Pool Safety Tips
Having a pool is the best! We want to make sure that your pool continues to be amazing and that nothing bad ever happens. Here are some basic pool safety tips.
1. Never leave a child unattended in or near your pool.
Always watch children when they’re in or near water, and never leave them unattended. Designate someone to always be watching the children. The person watching the children shouldn’t be reading, texting or playing games on their phone. Have a phone close by at all times in case you need to call for help, and if a child is missing, check the pool first.
Even if a lifeguard is present, parents and caregivers should still take the responsibility of continually watching the children. When any lifeguard chair is empty, the remaining lifeguards may not be able to see the entire pool and when lifeguards are seated in low chairs, their view can be blocked by patrons in the pool.
2. Teach your children how to swim.
Swimming is not only fun, it’s a lifesaving skill. Enroll your children in swimming lessons. Most recreational centers in Utah will have a list of swimming coaches. You can also look online for local lessons.
3. Teach your children to stay away from drains.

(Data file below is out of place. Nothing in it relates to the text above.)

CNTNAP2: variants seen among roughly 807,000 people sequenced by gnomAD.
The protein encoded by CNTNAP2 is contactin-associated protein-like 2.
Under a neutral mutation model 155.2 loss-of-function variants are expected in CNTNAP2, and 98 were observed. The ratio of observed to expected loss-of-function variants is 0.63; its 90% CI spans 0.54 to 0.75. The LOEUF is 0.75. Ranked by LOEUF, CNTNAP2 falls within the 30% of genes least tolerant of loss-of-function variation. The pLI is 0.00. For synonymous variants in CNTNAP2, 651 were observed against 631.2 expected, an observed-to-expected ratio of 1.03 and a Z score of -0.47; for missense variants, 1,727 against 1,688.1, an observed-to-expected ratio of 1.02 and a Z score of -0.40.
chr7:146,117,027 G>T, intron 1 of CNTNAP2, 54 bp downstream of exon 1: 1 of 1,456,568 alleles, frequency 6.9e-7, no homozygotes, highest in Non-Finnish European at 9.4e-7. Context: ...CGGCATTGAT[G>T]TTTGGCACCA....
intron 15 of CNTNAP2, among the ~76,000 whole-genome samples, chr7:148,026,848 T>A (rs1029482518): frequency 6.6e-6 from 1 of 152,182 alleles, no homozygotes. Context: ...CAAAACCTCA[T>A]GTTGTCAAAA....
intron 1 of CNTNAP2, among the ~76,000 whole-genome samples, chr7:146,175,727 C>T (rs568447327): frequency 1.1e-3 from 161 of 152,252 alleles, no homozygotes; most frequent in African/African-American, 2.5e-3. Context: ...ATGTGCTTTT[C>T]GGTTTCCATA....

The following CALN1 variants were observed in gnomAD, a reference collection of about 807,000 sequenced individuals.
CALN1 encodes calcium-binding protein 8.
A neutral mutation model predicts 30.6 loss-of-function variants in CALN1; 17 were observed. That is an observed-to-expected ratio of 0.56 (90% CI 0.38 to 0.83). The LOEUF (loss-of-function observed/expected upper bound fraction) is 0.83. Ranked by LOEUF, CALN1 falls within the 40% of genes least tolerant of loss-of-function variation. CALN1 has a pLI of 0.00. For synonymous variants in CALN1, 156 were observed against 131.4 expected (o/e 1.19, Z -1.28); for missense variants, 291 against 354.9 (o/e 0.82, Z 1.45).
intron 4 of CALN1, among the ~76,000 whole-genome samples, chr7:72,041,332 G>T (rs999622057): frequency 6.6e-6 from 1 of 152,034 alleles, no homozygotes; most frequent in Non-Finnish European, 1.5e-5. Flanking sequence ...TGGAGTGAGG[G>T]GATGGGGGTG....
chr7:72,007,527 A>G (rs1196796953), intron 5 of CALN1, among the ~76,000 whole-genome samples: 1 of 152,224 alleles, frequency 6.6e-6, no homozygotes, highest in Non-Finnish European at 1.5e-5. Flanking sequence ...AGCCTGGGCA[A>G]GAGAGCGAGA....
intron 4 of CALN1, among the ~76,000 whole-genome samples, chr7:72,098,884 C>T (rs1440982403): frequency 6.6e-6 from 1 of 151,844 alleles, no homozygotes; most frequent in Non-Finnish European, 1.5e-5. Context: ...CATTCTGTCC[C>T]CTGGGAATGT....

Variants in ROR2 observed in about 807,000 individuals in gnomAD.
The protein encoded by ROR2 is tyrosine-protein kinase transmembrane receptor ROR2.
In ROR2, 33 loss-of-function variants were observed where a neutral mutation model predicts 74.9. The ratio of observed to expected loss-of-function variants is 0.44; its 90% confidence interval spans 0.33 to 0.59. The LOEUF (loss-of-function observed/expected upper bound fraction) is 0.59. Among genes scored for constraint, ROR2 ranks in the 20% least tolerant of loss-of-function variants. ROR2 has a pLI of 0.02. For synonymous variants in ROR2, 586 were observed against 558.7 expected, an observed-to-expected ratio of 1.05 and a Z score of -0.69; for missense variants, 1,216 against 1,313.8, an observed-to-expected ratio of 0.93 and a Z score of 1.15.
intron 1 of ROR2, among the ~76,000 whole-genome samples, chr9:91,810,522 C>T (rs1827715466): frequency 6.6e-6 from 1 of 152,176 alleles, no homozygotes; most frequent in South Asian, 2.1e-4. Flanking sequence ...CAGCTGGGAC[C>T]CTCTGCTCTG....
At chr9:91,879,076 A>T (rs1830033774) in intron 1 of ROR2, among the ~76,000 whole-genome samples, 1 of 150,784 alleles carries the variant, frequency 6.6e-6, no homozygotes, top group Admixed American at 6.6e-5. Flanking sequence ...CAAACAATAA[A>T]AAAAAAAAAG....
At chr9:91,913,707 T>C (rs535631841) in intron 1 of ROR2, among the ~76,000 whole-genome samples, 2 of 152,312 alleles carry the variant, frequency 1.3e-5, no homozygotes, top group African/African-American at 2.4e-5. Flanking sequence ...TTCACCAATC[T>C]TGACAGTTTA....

Do not play or swim near drains or suction outlets, especially in spas and shallow pools, and never enter a pool or spa that has a loose, broken or missing drain cover. Children’s hair, limbs, jewelry or bathing suits can get stuck in a drain or suction opening. When using a spa, be sure to locate the emergency vacuum shutoff before getting in the water.
4. Install proper barriers, covers and alarms on and around your pool and spa.
Proper fences, barriers, alarms and covers can be lifesaving devices. A fence of at least four feet in height should surround the pool or spa on all sides and should not be climbable for children. The water should only be accessible through a self-closing, self-latching gate. Teach children to never try to climb over the gate or fence. Install a door alarm from the house to the pool area, and keep pool and spa covers in working order.
5. Know how to perform CPR on children and adults.
Often, bystanders are the first to aid a drowning victim, so learning CPR can help save a life. And once you’re CPR certified, make sure to keep your certification current. CPR classes are available through many hospitals, community centers, or by contacting the American Red Cross.